22. 22. 1 Which of the two passages did you find more persuasive ? <ul><li>The word in bold is important because that word has to appear in your answer, probably more than once. You need to relate your statements about the passages to the idea of how well you have been persuaded. </li></ul>
  23. 23. 2 Justify your view ... <ul><li>This means that you have to provide evidence which shows why you found Passage 1 more persuasive than Passage 2 or vice versa. You could just say 'I found Passage 1 more persuasive', but you will get no marks for that statement. You have to justify that opinion. </li></ul>
  24. 24. 3 ... by referring closely to ... <ul><li>This means that your evidence must be drawn from the words of the passages. You cannot just make general statements about the passages, you must quote words from the passage or refer to incidents or ideas in the passage as evidence. </li></ul>
  25. 25. 4 ... to the style and/or ideas ... <ul><li>Style covers basically all the work you have done on Analysis, and there might be other aspects of Analysis which you might not have been asked about specifically. You can now have a quick look to see if you've missed anything which could be described as a persuasive technique. For example, are there any rhetorical questions? </li></ul><ul><li>You have been given no helpful list of techniques to use. So you must provide your own list of techniques. </li></ul><ul><li>  </li></ul><ul><li>This will contain the usual suspects: imagery, word choice and structure (including ideas like climax) and other techniques such as tone, contrast, use of examples, anecdote ... </li></ul><ul><li>Ideas cover the content and argument of the passages, things you have deduced from your Understanding of the passages. </li></ul>
  26. 26. 5 ... the style and/or ideas ... <ul><li>Remember that this gives you an opportunity to do one or the other, or both. </li></ul>
  27. 27. 6 of both passages. <ul><li>You must have material in your answer from both passages. Sometimes, because you are so convinced that one passage is much more persuasive/interesting /informative you spend all your time on the good points of that one and forget to mention the second one. You do not have to deal with each passage equally, but you do have to consider both in your answer. If you don't, no matter how brilliant your answer is on one passage, you cannot get top marks. </li></ul>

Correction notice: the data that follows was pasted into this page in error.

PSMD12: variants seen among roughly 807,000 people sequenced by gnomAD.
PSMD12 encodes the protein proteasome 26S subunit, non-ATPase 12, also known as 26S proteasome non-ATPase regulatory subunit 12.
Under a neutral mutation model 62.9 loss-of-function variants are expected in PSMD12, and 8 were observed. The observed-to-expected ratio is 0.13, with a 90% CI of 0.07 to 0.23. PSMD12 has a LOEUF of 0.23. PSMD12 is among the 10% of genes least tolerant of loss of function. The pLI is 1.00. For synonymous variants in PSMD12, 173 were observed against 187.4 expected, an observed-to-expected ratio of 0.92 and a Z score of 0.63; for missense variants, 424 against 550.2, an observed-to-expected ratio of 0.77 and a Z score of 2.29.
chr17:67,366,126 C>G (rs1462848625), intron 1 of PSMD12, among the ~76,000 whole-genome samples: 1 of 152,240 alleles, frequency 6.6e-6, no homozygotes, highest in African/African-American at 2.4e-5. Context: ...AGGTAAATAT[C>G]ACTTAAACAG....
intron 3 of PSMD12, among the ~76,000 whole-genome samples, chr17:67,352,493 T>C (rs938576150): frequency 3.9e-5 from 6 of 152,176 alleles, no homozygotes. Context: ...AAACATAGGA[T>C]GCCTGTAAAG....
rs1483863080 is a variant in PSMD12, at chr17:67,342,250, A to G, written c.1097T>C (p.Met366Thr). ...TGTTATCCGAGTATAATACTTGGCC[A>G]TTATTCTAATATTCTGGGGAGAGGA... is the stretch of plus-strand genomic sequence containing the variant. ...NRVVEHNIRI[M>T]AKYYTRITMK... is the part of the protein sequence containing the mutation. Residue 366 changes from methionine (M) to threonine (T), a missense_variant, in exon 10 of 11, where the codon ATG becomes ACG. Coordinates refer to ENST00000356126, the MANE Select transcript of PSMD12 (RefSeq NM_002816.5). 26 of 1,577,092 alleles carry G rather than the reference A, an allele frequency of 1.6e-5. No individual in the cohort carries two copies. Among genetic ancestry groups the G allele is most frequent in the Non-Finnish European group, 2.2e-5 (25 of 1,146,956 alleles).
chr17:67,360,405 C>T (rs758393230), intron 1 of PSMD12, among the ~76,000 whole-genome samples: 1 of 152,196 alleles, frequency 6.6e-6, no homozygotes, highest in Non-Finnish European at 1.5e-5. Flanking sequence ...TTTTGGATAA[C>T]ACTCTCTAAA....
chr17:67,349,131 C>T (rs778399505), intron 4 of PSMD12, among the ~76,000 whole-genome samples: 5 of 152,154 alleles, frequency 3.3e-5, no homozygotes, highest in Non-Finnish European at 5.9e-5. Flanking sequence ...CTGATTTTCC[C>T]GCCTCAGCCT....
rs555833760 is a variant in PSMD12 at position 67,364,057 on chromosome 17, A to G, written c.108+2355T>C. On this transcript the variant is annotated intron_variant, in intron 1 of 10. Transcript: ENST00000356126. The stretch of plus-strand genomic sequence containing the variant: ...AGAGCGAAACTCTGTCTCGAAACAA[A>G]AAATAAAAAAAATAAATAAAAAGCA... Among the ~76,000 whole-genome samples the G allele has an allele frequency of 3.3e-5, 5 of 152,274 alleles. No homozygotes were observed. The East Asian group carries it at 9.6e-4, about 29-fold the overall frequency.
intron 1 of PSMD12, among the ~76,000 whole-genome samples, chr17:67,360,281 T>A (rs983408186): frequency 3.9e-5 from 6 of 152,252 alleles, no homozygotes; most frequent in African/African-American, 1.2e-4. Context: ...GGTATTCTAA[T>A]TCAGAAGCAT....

28. 28. Example 2 <ul><li>Which writer's style do you prefer ? </li></ul><ul><li>Justify your view by referring to both passages and to such features as structure, anecdote, symbolism, imagery, word choice ... </li></ul><ul><li>  </li></ul><ul><li>This time you must stick to style because no other alternative is allowed. </li></ul><ul><li>  </li></ul><ul><li>Such features as reminds you that this is an open list, which is there to help you; you can talk about any other aspect of style you like. </li></ul>
  29. 29. Tips <ul><li>If you were setting out to answer this question you should take all the help you are offered. The list suggests imagery and word choice. There have probably already been questions directing you to these techniques in both passages. There may also have been some sentence structure questions, but now is the opportunity to look at the overall structure of both passages and see which is more organised/climactic/ convincing. </li></ul><ul><li>Anecdote and symbolism are not commonly in lists such as these, so it means that there are examples for you to find. Remember the list is meant to help you, not lead you up some blind alley. There are also other aspects of style that you might have been asked about previously in the passages like tone or contrast, which you could also consider. </li></ul>
  30. 30. Example 3 <ul><li>Here is another question to see if you can highlight all the 5 or 6 important terms in the question. </li></ul><ul><li>  </li></ul><ul><li>Which passage has given you a clearer understanding of key issues concerning immigration and asylum seeking? You should refer in your answer to the main ideas of both passages. 5E/U </li></ul>
  31. 31. Answer <ul><li>Which passage has given you a clearer understanding of key issues concerning immigration and asylum seeking? You should refer in your answer to the main ideas of both passages. </li></ul><ul><li>Note: This question gives you no opportunity to write about style at all - it is concerned with understanding key issues, main ideas. </li></ul>
  32. 32. Summary <ul><li>You must read the question carefully. What are you being asked about? </li></ul><ul><li>Style and ideas E </li></ul><ul><li>Style or ideas E </li></ul><ul><li>Style and/or ideas E </li></ul><ul><li>Style alone E/A </li></ul><ul><li>Ideas alone? E/U </li></ul><ul><li>  </li></ul><ul><li>You have to be clear in order to avoid making mistakes that can cost you marks and, in this case, we are dealing with high value questions. It could be a lot of marks! </li></ul>
  33. 33. Remember <ul><li>Make sure that you do state a preference before you start to produce evidence from the passages. If you don't, then you are not answering the question and the evidence is not substantiating anything. </li></ul><ul><li>In all these questions, you are being asked for your own opinion, or to make a choice. (It doesn't happen often so you should make the most of it!) </li></ul>
  34. 34. ACHTUNG! <ul><li>In evaluation questions you should be discussing the effectiveness of the various techniques in persuading you, or clarifying the argument, or convincing you of the writer's stance ... </li></ul>